Pierre Regnier
      The land-ocean aquatic continuum has not previously been considered an important carbon sink. Future assessments of carbon storage must now take into account the surface areas of the land-ocean aquatic continuum to ensure accurate estimation of carbon storage. This will also require an improved knowledge of the mechanisms controlling the degradation, preservation and emissions of carbon along the aquatic continuum to fully understand the impact of human activity on carbon transfer. 
      Professor Pierre Friedlingstein, from the University of Exeter, said, “Carbon storage in sediments in these rivers and coastal regions could present a more secure environment than carbon stored in soil on land. As soil warms up, stored carbon can be lost to the atmosphere. The chances of this occurring in wet sediments are reduced.”
      A fraction of the carbon that leaches from land to the land-ocean aquatic continuum is emitted back to the atmosphere, while another fraction is sequestered in sediments along the continuum. Only a minor part, about 10 percent, eventually reaches the open ocean.
      Philippe Ciais, from the Laboratoire des Sciences du Climat et l’Environnement, said, “Our revisited global carbon budget, which includes the land-ocean aquatic continuum, is still entailed with significant uncertainties. It is, however, fully consistent with the observed growth rate of atmospheric CO2. Our downward revision of the land carbon storage is also in agreement with very recent results from forest inventories.”
      A significant part of the carbon storage thought to be offered by ecosystems on land – mainly forests – is thus negated by this leakage of carbon from soils to aquatic systems, and to the atmosphere, according to the study.
      For more information, see the article at dx.doi.org/10.1038/NGEO1830.

Richard Onishi
KA`U’S STATE REP. RICHARD ONISHI HOSTS a community meeting today at 2 p.m. at Aupuni Center Conference Room
 101 to brief the community on the 2013 legislative session and hear feedback on issues that matter to constituents. Other lawmakers joining Onishi are vice speaker John Mizuno, majority leader Scott Saiki, majority floor leader Karen Awana and state representatives Mark Nakashima, Clift Tsuji and Faye Hanohano.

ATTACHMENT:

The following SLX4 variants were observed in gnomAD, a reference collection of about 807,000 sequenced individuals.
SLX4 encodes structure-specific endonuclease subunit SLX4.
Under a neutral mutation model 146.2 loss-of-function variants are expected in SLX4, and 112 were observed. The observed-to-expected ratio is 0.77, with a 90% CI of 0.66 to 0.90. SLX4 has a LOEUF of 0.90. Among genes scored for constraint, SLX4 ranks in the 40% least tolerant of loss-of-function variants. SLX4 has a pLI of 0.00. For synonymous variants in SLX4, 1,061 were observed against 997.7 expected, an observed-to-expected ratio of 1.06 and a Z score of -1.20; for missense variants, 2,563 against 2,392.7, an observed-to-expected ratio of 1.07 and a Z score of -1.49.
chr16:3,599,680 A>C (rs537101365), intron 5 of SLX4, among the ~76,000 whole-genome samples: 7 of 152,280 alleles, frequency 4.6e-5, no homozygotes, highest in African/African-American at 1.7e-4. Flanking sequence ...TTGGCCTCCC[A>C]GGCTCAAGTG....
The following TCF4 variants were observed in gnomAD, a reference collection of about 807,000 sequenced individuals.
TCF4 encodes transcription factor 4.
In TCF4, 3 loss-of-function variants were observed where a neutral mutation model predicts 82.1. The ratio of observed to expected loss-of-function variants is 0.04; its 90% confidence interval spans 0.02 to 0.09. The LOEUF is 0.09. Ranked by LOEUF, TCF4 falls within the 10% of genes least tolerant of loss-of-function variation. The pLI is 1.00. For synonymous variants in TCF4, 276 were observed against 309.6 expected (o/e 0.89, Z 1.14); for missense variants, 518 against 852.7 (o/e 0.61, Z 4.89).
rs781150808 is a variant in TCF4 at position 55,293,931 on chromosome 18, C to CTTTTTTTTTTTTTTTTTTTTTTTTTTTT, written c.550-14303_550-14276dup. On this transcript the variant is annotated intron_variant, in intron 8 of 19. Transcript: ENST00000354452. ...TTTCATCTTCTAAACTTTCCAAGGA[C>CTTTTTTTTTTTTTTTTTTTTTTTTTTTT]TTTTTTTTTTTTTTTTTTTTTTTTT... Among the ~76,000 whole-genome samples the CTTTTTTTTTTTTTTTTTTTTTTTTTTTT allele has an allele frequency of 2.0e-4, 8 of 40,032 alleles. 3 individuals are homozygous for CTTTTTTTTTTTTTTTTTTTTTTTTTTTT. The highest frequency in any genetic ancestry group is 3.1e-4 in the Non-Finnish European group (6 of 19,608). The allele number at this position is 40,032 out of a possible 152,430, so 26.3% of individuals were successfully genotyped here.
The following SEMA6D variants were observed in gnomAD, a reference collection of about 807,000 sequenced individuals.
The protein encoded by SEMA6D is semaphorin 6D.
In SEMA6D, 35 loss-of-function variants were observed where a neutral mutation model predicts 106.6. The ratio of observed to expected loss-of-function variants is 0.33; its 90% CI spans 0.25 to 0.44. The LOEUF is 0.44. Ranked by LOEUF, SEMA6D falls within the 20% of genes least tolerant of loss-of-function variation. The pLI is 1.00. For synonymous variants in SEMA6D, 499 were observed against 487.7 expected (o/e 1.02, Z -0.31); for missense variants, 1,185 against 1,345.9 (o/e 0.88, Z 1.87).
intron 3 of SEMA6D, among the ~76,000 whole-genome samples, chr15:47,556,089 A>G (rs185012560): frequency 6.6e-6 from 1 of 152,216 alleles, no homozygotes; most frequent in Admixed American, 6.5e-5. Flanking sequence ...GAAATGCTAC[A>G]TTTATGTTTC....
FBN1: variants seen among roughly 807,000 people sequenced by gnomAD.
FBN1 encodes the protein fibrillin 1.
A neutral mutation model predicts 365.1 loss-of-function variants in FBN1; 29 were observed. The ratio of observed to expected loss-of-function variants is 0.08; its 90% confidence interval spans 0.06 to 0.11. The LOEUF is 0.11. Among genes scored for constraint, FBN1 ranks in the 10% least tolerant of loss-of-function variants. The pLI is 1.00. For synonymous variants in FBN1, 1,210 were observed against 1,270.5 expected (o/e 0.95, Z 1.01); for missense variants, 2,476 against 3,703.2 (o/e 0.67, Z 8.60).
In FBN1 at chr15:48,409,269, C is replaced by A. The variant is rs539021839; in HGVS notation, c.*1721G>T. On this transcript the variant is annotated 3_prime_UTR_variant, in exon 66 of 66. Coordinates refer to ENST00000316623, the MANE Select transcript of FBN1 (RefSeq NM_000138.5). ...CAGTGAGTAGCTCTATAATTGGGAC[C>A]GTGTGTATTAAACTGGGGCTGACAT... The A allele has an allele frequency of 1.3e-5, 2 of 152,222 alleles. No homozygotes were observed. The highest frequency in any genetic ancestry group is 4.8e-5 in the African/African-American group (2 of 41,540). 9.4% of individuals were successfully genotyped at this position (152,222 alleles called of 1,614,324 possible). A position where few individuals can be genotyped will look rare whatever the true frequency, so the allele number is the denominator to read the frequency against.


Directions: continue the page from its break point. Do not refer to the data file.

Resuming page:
THE FIFTH ANNUAL VOLCANO POTTERY SALE continues today until 3 p.m. at Volcano Art Center’s Ni`aulani Campus in Volcano Village, featuring newly created work by twelve ceramic artists of East Hawai`i. Samples of Volcano-grown teas are available courtesy of Tea Hawai`i, with sushi and bentos for purchase from Volcano Hanabi. For more information, see ryhpottery.com/volcano_pottery_sale or call 985-8530.

THE PUBLIC IS INVITED TO HAVE LUNCH WITH A RANGER tomorrow from 10:30 a.m. to 12:30 p.m. at Hawai`i Volcanoes National Park’s Kahuku Unit. Participants bring a bag lunch and join Park Ranger Kiko on Father’s Day in an open discussion on park resources including significant geological events and features of Mauna Loa and the natural and cultural history of the Kahuku Unit.

JoAnn Aguirre hosts a special tea Tuesday.
Photo from Hawai`i Tea Society
KA `OHANA O HONU`APO’S FATHER’S DAY EVENT tomorrow from 1 p.m. to 4 p.m., includes musicians on stage, sales of food, beverages and shave ice, and a shady tent to enjoy Honu`apo Park on Father’s Day. The Pork in the Park barbecue contest has been postponed due to lack of participation. For more information, call Lehua Lopez-Mau at 929-9891. 

TEA FOR FATHERS & DAUGHTERS/MOTHERS & SONS takes place Tuesday at 2 p.m. at Volcano Art Center’s Ni`aulani Campus in Volcano Village. The menu at this special tea to celebrate children, mothers and fathers and grandparents includes finger sandwiches, salad, scones, desserts and a special tea favor all for $15 per person. Reservations are required by Monday. Contact JoAnn Aguirre at teaquiero@yahoo.com or 982-7691.